Having a rainy day fund can make all the difference when unexpected costs come up – but finding the spare cash to build one can be a challenge.
A lack of spare money meant 14.5 million UK adults (29%) couldn't put anything towards savings in the last 12 months.
See also: Free debt advice can help ease money worries
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A further 19% could only afford £50 or less a month according to new research from StepChange Debt Charity. So it wouldn't take much to push many into debt – if they're not there already.
But there are ways for most people to find some extra cash and build up even just a small savings buffer.
Why a rainy day fund is important
Could you afford to fix a broken washing machine, pay a higher than expected phone bill or cover the costs of a failed MOT?
If you're struggling with essential spending week to week, it won't take much to push your finances over the edge, and sudden costs like those above can – and do – happen at any time.
And if you were to lose your job, or be unable to work for a short while, the pressure on your finances to cover everyday costs such as rent or food could be huge.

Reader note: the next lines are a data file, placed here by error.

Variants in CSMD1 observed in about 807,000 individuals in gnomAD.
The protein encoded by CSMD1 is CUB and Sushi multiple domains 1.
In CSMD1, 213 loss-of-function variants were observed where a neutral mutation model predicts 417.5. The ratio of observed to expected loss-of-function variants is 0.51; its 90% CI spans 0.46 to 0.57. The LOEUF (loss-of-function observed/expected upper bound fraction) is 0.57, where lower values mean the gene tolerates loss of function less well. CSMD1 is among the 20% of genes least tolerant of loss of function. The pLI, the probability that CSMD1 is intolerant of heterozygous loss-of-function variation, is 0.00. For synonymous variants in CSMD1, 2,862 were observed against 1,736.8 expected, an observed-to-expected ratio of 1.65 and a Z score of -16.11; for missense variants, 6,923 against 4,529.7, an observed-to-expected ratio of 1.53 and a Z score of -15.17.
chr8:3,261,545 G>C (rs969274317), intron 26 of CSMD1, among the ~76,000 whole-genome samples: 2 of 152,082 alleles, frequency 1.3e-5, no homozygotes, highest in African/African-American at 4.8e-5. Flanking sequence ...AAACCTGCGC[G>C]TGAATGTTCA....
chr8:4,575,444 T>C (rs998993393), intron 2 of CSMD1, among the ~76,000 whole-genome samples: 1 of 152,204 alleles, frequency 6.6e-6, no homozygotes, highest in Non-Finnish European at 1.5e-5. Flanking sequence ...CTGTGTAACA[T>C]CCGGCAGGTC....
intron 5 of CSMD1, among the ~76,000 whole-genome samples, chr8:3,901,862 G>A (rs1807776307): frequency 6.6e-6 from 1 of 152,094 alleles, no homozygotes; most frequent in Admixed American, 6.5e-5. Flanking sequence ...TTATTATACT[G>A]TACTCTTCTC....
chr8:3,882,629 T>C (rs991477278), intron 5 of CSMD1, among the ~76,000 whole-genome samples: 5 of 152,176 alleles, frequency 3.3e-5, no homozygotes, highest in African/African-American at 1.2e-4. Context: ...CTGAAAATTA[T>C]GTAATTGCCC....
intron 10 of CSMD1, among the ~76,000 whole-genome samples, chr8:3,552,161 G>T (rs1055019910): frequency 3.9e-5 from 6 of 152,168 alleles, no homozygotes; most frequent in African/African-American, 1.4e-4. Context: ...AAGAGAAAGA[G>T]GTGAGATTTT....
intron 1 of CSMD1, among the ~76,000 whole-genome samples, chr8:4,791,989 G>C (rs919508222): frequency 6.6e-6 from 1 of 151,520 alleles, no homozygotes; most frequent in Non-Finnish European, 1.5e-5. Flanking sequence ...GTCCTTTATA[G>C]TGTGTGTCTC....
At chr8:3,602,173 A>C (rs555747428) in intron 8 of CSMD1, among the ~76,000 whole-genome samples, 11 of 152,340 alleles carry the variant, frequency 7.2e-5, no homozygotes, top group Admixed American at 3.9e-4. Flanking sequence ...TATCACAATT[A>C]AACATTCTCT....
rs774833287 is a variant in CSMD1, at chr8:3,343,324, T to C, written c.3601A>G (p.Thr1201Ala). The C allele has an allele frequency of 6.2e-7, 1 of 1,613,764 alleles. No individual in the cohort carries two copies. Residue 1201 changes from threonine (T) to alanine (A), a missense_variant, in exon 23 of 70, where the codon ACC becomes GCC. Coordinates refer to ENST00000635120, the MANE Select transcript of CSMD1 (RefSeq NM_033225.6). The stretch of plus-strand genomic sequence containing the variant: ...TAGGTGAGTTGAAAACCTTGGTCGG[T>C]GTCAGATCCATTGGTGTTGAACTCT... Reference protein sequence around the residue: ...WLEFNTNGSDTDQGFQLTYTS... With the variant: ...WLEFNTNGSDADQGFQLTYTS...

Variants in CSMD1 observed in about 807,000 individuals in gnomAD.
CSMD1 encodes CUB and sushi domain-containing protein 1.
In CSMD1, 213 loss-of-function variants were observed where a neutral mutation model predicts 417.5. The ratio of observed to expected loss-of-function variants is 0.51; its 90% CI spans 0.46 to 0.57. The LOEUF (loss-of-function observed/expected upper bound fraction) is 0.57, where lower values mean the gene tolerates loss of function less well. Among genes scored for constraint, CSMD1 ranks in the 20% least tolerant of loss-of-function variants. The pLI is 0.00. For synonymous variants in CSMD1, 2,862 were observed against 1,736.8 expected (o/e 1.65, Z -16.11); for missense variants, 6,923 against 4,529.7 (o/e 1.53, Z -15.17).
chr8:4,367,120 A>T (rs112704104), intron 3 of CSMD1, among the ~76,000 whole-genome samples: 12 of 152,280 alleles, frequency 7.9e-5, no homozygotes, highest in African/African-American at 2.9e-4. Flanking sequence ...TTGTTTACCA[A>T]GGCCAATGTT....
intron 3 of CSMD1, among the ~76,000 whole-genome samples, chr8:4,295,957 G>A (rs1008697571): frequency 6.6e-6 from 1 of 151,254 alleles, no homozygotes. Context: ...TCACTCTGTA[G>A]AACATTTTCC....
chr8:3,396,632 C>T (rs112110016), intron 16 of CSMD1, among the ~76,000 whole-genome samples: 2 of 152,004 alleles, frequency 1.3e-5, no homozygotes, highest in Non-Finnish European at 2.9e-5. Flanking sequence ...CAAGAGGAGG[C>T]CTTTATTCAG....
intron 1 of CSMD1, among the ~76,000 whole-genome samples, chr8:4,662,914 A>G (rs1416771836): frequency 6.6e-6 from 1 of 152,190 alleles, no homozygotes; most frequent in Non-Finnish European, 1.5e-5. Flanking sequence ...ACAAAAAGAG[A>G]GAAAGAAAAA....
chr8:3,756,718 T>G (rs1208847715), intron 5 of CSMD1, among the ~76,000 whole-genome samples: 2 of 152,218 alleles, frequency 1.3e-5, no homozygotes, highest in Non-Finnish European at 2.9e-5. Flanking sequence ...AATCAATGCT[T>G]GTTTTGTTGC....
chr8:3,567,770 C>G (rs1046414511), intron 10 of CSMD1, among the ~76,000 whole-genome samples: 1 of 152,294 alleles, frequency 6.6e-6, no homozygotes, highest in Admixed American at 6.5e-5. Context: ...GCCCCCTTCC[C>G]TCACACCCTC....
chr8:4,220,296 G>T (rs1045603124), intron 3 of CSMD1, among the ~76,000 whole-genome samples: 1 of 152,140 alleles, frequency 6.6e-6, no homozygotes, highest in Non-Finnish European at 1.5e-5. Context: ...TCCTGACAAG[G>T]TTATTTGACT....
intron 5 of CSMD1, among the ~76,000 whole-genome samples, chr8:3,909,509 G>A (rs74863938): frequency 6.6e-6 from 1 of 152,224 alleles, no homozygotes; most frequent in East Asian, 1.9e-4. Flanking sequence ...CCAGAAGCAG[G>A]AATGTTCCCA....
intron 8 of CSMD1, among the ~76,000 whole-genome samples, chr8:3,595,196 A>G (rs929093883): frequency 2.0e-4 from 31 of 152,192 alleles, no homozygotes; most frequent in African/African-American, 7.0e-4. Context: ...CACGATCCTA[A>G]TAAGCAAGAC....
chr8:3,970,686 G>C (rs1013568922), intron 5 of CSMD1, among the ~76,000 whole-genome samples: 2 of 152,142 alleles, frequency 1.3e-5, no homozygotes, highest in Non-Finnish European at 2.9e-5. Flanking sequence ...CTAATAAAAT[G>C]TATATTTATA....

Borrowing money might be a quick fix for these types of expenses, but most will come with charges and fees. Plus, the costs can increase further if you're unable to make repayments.
But having a buffer, or rainy day fund, will give you a little bit of protection and save you the cost of borrowing.
Ways to help you save
If you find you don't have any spare money, do you also feel you're not sure where it all goes? One way to make sure it's not being wasted here and there is to build a budget.
This can be as simple as listing out everything you spend on a sheet of paper. The Money Advice Service budget planner tool can make it even easier by helping you find all the spending areas you need to include, and adding up all the totals for you.
Once you've got a budget you're happy with, look for any surprises. It could be something is costing far more than you expected, or you might spot expense you didn't realise you were still paying for.
If you can cut anything out or reduce your spend on certain items, put the new-found money into savings rather than spending it elsewhere. A separate savings account should help you avoid accidently using it for regular spending.
What to do if you're already struggling with debts
Though a budget should help you trim any excess spending, if you're already struggling with debt repayments, it will be even harder to build your rainy day fund.
The answer is to seek help as soon as you can. A trained debt adviser can really help you work through a way to fix your finances.
It's possible to get free and independent advice online, over the phone and in person and everything you say will be confidential.
Then as you begin to clear your debts, you can begin to think about how to build up savings to stop them coming back.
This article is provided by the Money Advice Service.